What Is the Normal Liver Enzyme Level in a Dog?

By Andrea M. Zander

A dog's liver has many responsibilities: breaking down toxins before they enter the body, removing waste products from the blood, storing energy and giving blood the ability to clot. While the liver is enormously resilient--it can continue to function even after large portions have been removed--the levels of enzymes present in this critical organ can serve as a gauge of your dog's overall health.

Five Key Enzymes

A typical liver blood panel run by a veterinarian returns values on enzymes, proteins and other things present in the liver. Of these values, those of five particular enzymes are most significant in reaching a diagnosis. If elevated beyond the normal values, they can indicate liver disease or failure.

The five enzymes are Alanine Aminotransferase (ALT), Aspartate Aminotransferase (AST), Alkaline Phosphatase (ALKP), Serum Bilirubin and Gamma Glutamyltransferase (GGT).

Normal Enzyme Levels

The normal enzyme levels listed below are taken from the Merck Veterinary Manual. Each value range is given in units per liter (u/L) or milligrams per deciliter (mg/dL).

ALT: 8.2 to 57 u/L

AST: 8.9 to 49 u/L

ALKP: 10.6 to 101 u/L

Serum Bilirubin: 0.1 to 0.6 mg/dL

GGT: 1.0 to 9.7 u/L

Symptoms of Liver Disease

A variety of symptoms are associated with liver disease. They can include such vague behavior as vomiting, diarrhea, fever and weight loss; more severe symptoms can include anorexia, gastric ulceration, impaired brain function, abnormal clotting, jaundice, build-up of fluid in the abdomen, producing abnormally large amounts of urine, excessive thirst, or an abnormally enlarged liver or abnormally small liver. These severe symptoms often occur in the later stages of liver disease, making early diagnosis even more critical, especially since enzyme levels may normalize at the end of the disease.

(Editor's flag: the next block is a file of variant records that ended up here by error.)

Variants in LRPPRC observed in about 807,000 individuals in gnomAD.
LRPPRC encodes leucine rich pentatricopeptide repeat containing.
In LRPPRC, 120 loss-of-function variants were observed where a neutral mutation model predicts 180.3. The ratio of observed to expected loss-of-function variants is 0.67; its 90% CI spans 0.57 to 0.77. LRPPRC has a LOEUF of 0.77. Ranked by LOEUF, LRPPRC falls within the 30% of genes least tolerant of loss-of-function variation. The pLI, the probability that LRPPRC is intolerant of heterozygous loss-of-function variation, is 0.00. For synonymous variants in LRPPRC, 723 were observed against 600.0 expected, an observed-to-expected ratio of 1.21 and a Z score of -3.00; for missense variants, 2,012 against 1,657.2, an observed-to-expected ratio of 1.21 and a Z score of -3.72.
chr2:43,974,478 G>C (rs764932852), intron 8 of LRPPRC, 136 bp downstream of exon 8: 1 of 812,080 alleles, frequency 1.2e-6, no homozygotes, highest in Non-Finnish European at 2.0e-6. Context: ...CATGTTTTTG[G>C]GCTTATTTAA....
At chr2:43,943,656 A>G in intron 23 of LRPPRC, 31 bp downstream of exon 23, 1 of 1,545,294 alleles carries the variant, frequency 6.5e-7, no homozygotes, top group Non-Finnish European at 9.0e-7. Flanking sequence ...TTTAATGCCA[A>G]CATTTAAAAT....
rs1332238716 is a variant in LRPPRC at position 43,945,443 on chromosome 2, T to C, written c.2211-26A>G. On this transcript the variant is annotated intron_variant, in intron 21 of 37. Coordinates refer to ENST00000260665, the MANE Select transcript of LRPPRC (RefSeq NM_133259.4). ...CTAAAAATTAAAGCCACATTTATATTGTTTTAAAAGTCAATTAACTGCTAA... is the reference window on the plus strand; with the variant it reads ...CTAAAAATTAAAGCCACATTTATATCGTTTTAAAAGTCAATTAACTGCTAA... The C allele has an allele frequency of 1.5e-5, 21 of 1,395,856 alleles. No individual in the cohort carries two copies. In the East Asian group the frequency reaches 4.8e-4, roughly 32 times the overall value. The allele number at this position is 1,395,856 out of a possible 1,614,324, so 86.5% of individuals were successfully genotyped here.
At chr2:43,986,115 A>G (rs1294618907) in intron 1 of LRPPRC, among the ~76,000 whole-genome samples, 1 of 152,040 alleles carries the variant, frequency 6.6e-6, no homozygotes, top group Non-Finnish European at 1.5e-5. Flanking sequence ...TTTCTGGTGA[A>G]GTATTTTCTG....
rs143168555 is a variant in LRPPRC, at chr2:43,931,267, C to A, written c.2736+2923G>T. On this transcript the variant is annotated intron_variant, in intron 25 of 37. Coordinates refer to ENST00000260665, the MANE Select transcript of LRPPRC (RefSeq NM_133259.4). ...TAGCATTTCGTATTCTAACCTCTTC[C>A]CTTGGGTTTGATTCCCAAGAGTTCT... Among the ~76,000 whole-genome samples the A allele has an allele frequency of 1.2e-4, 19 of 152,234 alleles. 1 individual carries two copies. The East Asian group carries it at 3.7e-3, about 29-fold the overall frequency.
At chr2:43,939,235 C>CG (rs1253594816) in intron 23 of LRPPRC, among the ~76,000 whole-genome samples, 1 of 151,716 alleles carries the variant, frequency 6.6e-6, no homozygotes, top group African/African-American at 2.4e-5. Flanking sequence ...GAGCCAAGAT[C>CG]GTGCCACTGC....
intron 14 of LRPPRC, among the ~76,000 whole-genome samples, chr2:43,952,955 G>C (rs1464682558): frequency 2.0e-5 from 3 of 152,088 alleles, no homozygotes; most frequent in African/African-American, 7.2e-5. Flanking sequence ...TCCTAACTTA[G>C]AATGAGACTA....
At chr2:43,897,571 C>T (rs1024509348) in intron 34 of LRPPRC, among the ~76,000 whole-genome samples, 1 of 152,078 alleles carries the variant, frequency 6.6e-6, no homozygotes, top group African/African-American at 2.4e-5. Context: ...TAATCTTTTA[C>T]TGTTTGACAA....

The Merck Veterinary Manual lists signs of impaired brain function because of liver disease as "circling, head pressing, aimless wandering, weakness, ataxia [unsteady or staggering movement], blindness, ptyalism [excessive saliva], aggression, dementia, seizures and coma."

Your Dog's Normal Levels

Especially as your dog ages, it's important to know its normal liver enzyme levels. Many veterinarians have comprehensive "senior panels" that they can run on your pet, which will include liver enzymes. The value is in being able to compare the levels in a healthy pet to those of one developing liver disease. If your dog is consistently on the lower end of the scale, it might be significant to find numbers suddenly at the high end. Early diagnosis and treatment, regardless of your dog's age, is critical.


If your dog develops liver disease, your vet will likely want to work with you toward finding an underlying cause. While liver disease can develop on its own, it's worth discovering the root of the problem rather than simply treating the symptoms. Balancing electrolytes and acids and bases is common treatment, as is nutrition appropriate for your dog's symptoms. When no other cause can be found, treatment focuses on slowing the disease and keeping complications under control.